The trichomes stay in the skin for up to a year

Saturday, June 29th, 2024

Back before he came up with the easier-to-film Survivor, Mark Burnett produced the Eco-Challenge adventure race, based on Gerald Fusil’s Raid Gauloises adventure race in Costa Rica:

The teams raced non-stop, 24 hours a day, over a rugged 300-mile (500 km) course, participating in such disciplines as trekking, whitewater canoeing, horseback riding, sea kayaking, scuba diving, mountaineering, camel-back riding, and mountain biking. Teams originally consisted of five members, but the team size was reduced to four members early in the event’s history. A feature of the race is the mandatory mix of men and women for all participating teams.

I vividly remember watching the 1997 Australia race, when a bickering team mountain-biking through the rainforest at night, with headlamps on, stopped, because one of the guys screamed out in pain. He didn’t know what had happened, but his best guess was that a snake had bit him, or perhaps some other venomous creature. The team asked if he could go on, because he wasn’t going to get any help until they reached the aid station.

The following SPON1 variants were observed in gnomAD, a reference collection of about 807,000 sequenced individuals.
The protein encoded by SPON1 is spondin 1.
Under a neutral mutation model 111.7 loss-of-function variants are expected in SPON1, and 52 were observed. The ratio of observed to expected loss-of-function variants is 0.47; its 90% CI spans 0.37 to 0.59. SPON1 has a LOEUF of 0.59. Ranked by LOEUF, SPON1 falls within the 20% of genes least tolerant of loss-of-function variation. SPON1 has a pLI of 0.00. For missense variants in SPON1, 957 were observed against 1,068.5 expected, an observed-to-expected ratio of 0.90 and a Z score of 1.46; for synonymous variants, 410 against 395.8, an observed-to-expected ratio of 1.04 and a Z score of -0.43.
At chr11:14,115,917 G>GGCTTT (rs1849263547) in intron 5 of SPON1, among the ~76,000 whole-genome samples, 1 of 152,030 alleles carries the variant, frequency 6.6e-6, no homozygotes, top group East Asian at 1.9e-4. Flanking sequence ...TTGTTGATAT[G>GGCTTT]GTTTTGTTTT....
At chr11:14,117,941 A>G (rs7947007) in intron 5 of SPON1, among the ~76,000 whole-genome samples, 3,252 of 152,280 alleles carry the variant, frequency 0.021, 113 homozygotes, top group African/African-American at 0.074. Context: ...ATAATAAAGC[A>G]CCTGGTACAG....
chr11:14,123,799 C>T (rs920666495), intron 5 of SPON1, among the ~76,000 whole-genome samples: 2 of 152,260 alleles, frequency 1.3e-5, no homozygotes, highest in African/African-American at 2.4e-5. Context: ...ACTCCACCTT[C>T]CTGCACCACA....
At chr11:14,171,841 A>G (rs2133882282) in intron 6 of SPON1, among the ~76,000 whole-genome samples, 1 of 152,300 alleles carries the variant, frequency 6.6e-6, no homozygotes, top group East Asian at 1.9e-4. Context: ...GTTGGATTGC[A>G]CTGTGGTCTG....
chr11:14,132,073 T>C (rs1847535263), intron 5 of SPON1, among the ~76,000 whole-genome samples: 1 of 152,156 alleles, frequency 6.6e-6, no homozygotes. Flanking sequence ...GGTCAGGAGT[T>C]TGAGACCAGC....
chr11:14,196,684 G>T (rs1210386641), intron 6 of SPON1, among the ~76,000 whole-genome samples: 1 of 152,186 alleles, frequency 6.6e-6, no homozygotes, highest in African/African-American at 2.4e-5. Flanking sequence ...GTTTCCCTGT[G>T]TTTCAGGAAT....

When they got to the aid station, the medic took a look and found no bite, but he did find some nettles from the gympie-gympie bush. What could they do about the excruciating pain? Nothing. How long would the pain last? Months.

Everything in Australia is trying to kill you.

He kept racing.

Other people have not kept going:

North Queensland road surveyor A.C. Macmillan was among the first to document the effects of a stinging tree, reporting to his boss in 1866 that his packhorse “was stung, got mad, and died within two hours”. Similar tales abound in local folklore of horses jumping in agony off cliffs and forestry workers drinking themselves silly to dull the intractable pain.

Writing to Marina in 1994, Australian ex-serviceman Cyril Bromley described falling into a stinging tree during military training on the tableland in World War II. Strapped to a hospital bed for three weeks and administered all manner of unsuccessful treatments, he was sent “as mad as a cut snake” by the pain. Cyril also told of an officer shooting himself after using a stinging-tree leaf for “toilet purposes”.

He’s had too many stings to count but Ernie Rider will never forget the day in 1963 that he was slapped in the face, arms and chest by a stinging tree. “I remember it feeling like there were giant hands trying to squash my chest,” he said. “For two or three days the pain was almost unbearable; I couldn’t work or sleep, then it was pretty bad pain for another fortnight or so. The stinging persisted for two years and recurred every time I had a cold shower.”

Now a senior conservation officer with the Queensland Parks and Wildlife Service, Ernie said he’s not experienced anything like the pain during 44 years work in the bush. “There’s nothing to rival it; it’s 10 times worse than anything else – scrub ticks, scrub itch and itchy-jack sting included. Stinging trees are a real and present danger.”